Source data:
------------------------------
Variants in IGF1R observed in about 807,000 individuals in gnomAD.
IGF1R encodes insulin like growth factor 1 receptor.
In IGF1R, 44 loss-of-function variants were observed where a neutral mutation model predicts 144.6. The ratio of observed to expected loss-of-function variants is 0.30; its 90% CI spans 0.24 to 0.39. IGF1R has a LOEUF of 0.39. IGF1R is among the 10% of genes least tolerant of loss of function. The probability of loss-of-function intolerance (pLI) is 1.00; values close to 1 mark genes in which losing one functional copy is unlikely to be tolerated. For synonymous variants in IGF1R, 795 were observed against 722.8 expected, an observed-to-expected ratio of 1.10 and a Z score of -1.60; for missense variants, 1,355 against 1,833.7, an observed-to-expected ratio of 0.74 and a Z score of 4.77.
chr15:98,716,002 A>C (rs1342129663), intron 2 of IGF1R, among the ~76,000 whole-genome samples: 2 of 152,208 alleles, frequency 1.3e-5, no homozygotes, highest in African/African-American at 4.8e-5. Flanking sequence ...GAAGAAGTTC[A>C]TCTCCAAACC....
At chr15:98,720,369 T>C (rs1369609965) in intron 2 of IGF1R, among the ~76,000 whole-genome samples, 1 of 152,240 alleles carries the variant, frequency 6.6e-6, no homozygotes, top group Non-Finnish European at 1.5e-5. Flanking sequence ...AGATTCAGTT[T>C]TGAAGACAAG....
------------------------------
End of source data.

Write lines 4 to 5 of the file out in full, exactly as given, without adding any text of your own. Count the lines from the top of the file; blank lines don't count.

chr15:98,716,002 A>C (rs1342129663), intron 2 of IGF1R, among the ~76,000 whole-genome samples: 2 of 152,208 alleles, frequency 1.3e-5, no homozygotes, highest in African/African-American at 4.8e-5. Flanking sequence ...GAAGAAGTTC[A>C]TCTCCAAACC....
At chr15:98,720,369 T>C (rs1369609965) in intron 2 of IGF1R, among the ~76,000 whole-genome samples, 1 of 152,240 alleles carries the variant, frequency 6.6e-6, no homozygotes, top group Non-Finnish European at 1.5e-5. Flanking sequence ...AGATTCAGTT[T>C]TGAAGACAAG....